As flu season gets under way we are faced with a more potent strain of flu bug this year known as “swine flu” or the H1N1 virus. A lot of people are naturally concerned and are asking their healthcare providers if they should get vaccinated against the virus. What makes this virus more worrisome than past bugs is that due to its novel assortment of avian and swine genes, most people don’t have natural immunity against it. According to the Center for Disease Control(CDC), “laboratory studies have shown that no children and very few adults younger than 60 years old have existing antibody to 2009 H1N1 flu virus”. The one exception to this is people over 60. With this group, the CDC says, “about one-third of adults older than 60 may have antibodies against this virus. It is unknown how much, if any, protection may be afforded against 2009 H1N1 flu by any existing antibody”.
To keep swine flu in perspective it must be remembered that, “Each year, in the United States, on average 36,000 people die from flu-related complications and more than 200,000 people are hospitalized from flu-related causes. Of those hospitalized, 20,000 are children younger than 5 years old. Over 90% of deaths and about 60 percent of hospitalizations occur in people older than 65”. In contrast to the usual seasonal flu, “The information analyzed by CDC supports the conclusion that 2009 H1N1 flu has caused greater disease burden in people younger than 25 years of age than older people. At this time, there are few cases and few deaths reported in people older than 64 years old, which is unusual when compared with seasonal flu.” It appears that while the very young can be susceptible, many of those over 60 years old have acquired immunity to swine flu from past exposure to older flu viruses.
This information is important to remember when consider whether or not to get vaccinated against the virus. Myself, I avoid flu vaccinations as it is my personal belief that the best approach for developing a healthy and responsive immune system is to let nature take its course – essentially, herd immunity. With swine flu, looking at people over 60 years old seems to support this belief. However, if I were in one of the susceptible groups listed below or a healthcare worker who came in regular contact with those at higher risks, I would get vaccinated. Mainly, because “pregnancy and other previously recognized high risk medical conditions from seasonal influenza appear to be associated with increased risk of complications from this 2009 H1N1. These underlying conditions include asthma, diabetes, suppressed immune systems, heart disease, kidney disease, neurocognitive and neuromuscular disorders and pregnancy”. In other words, if you are in a high risk group and you contract swine flu, you have a much greater chance of developing life threatening complications.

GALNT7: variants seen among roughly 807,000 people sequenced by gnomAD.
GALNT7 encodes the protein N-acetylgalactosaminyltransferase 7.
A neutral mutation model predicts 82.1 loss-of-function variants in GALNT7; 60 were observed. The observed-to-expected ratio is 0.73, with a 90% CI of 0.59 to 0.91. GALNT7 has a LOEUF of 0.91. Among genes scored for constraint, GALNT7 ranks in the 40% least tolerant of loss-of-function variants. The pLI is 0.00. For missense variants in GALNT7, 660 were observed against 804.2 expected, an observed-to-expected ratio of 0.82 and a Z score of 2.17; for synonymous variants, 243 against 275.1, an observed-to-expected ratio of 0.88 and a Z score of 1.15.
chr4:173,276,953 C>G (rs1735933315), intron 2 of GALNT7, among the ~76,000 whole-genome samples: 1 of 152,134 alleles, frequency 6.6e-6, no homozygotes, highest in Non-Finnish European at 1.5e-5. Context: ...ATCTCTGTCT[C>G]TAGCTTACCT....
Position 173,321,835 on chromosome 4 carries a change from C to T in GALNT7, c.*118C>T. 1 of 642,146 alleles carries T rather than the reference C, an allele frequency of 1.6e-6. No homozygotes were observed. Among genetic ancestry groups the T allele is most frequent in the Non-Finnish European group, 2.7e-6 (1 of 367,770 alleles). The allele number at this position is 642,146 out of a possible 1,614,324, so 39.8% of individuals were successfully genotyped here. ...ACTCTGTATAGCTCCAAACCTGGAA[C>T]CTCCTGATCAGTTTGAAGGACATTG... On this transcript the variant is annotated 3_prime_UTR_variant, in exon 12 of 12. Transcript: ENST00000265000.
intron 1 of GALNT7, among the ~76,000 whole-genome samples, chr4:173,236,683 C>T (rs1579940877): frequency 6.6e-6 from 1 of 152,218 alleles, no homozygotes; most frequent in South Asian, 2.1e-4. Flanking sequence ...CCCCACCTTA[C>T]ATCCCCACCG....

So you see, the question of whether to vaccinate against swine flu is not ideologically black and white. One has to weigh all the information in order to determine if vaccination is right for them or their loved ones. The important thing is to arrive at your own conclusion rationally and not be swayed by all the hype and fear that the national media has stirred up or by one’s own ideology. Basically, it comes down to these ideas. If you are in one of the high risk groups it might be prudent to consider vaccination. In otherwise healthy individuals who are not in the high risk categories and depending upon personal philosophy, it would be rational to consider other options such as boosting immunity with herbs, supplements, exercise, diet, and good stress management. This might create a more effective and resilient immune system. This will be the subject of my next article, so look for an upcoming blog post on how to Fight the Flu with Traditional Chinese Medicine!
* All quoted information is taken from the Center for Disease Control’s websiteFor more information, on Traditional Chinese Medicine please visit my website at www.hughsacupuncture.com